[Entrevue] “Geolocation of Love”: Make way for poetic and poetic television

Do you ever grieve? Because you smile all the time. » In the first episode of the web series Geolocation of love, adapted from poems of the same name, Simon Boulerice answers this question asked by a child during a class visit. It’s true that on TV, on the set this year or Good evening !We know the author and columnist who is hilarious, cheerful, smiling, and a little bit eccentric.

However, it is enough to read Simon Boulerice to know that behind laughing eyes and emotional flights sometimes hides a complex, sensitive and even tormented man. Simon says, “I’m good at happiness.” But I assure you, I feel sad. »

In ten-minute episodes, Geolocation of love He questions the distance, expectations, and misperceptions – of others, but above all about oneself – that are created when one looks at the world through the prism of a screen. We meet Simon, a thirty-year-old who uses dating apps in hopes of finding a soul mate.

On a trip to the Four Corners of Montreal, he tears him apart, sequences of chance encounters and sexual conquests, often in defiance of his self-esteem and dignity. His adventures, sometimes funny and poignant, sometimes dramatic or full of violence, reveal the fragility and interiority of a man fearful of his loneliness – and a generation that often builds his self-esteem and identity out of virtual relationships.

I take a step back, and have so much affection for the past Simon, thirsty for love, who had so much hoped he could feel good about the other. It’s a bit inhumane, an all you can eat buffet, which prevents proximity and gives the illusion that everything is always better elsewhere. It’s easy to slip and drown in sadness and rejection.

Simon Boulerice stresses that he’s not trying to demonize dating apps with this spontaneous fantasy – he found love himself through it. “I took a step back, and I have so much affection for Simone of the past, thirsty for love, who hoped so much that the other would be satisfied. It’s a bit inhumane, an all-you-can-eat buffet, which prevents closeness and gives the illusion that everything is always better Nowhere else. It is easy to slip and fall into grief and rejection. But there are also so many beautiful things that you can be born from.”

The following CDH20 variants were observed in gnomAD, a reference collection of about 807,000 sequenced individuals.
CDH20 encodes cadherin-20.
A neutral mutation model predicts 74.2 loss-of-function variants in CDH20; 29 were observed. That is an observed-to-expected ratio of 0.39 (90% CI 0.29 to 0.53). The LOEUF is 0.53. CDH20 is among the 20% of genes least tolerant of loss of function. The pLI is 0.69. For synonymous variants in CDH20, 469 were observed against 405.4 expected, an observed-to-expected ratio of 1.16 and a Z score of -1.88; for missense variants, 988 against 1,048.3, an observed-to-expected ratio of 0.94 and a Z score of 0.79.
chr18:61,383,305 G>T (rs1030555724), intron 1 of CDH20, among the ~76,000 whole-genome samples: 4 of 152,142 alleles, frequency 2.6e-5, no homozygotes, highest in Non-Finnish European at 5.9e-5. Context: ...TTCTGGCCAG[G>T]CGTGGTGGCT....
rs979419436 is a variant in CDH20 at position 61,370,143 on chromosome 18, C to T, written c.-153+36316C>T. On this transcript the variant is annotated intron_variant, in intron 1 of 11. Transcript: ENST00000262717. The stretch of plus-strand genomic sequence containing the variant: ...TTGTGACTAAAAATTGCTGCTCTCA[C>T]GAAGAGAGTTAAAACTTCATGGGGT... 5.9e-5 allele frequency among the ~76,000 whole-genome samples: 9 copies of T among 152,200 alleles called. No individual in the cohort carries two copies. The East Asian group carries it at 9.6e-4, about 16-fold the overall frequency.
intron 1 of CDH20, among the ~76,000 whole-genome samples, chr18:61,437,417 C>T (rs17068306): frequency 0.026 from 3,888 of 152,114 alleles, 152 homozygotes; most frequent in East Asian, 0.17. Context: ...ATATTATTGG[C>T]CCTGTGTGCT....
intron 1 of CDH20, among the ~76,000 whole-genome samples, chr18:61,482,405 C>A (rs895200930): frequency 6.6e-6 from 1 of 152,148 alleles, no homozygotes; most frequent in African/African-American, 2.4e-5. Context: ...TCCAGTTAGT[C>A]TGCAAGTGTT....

dance and freedom

The series is a reflection of the eclecticity of confrontations that Tinder and Grindr can bring into this world. An atypical object, where humor blends shoulders with drama, dance and poetry share the stage with relevant and current reflections on loneliness and the pursuit of the self.

Simon Boulerice is clearly delighted with this mod, as he enjoys pushing back the possibilities and expectations, never missing an opportunity to improvise with a dance move he has only secret, mankinis In neon green lycra, to put themselves in danger, to embrace the absurd and the hideous. “When I write, I like to embrace my weakness. I wanted these flaws to appear on the screen. Thus the writer exploits all dimensions of subjective literature, not hesitating to delve into his personal and media archives to further blur the contours of reality. We are far, here, from a world six degreesYouth drama series written by the artist.

This time, Simon Boulerice is taking advantage of the great freedom that the web format offers to delve deeper into homosexual culture. In addition to giving prominence to his plurality of sexual practices, he does not hesitate to show men in their most basic form – a rarity on Quebec television.

“I wanted the show to be as representative of queer society as possible, and to be diverse in all its forms. I know it’s good to get to know yourself on TV. I also wanted to show that it’s not because sexuality is disposable it’s frowned upon, as long as it’s practiced in a space Agree. »

A non-binary character and actor, a man in make-up, unbridled sexuality … Simon Boulerice embodies the television we want nowadays: comprehensive, rich in its diversity, the absence of symbols and taboos, which refuses to indulge in comfort and intellectual poverty.

Hence he bets on making poetry accessible to as many people as possible, and regularly incorporates verses from the original novel into the voiceover. “Your gestures are well sharpened / Raise the edge and you’ll have a chance to win a trip, a family truck, or ITS / You ask a duel and I get asylum / We compliment each other well, we want the opposite of what we have / You win, you run into me / I’m never good at persuasion / But where’s the love Who is all this?”, he stated after a particularly difficult scene to watch, in which his character was the victim of sexual assault.

“These clips allow me to spread something different, through the hilarious vulgar scenes that the series contains. It’s a way for the character to speak, to give access to the subconscious. Poetry isn’t just for experts. I think anyone can be influenced by the wonderful rhythm of poetic momentum.”

Geolocation of love

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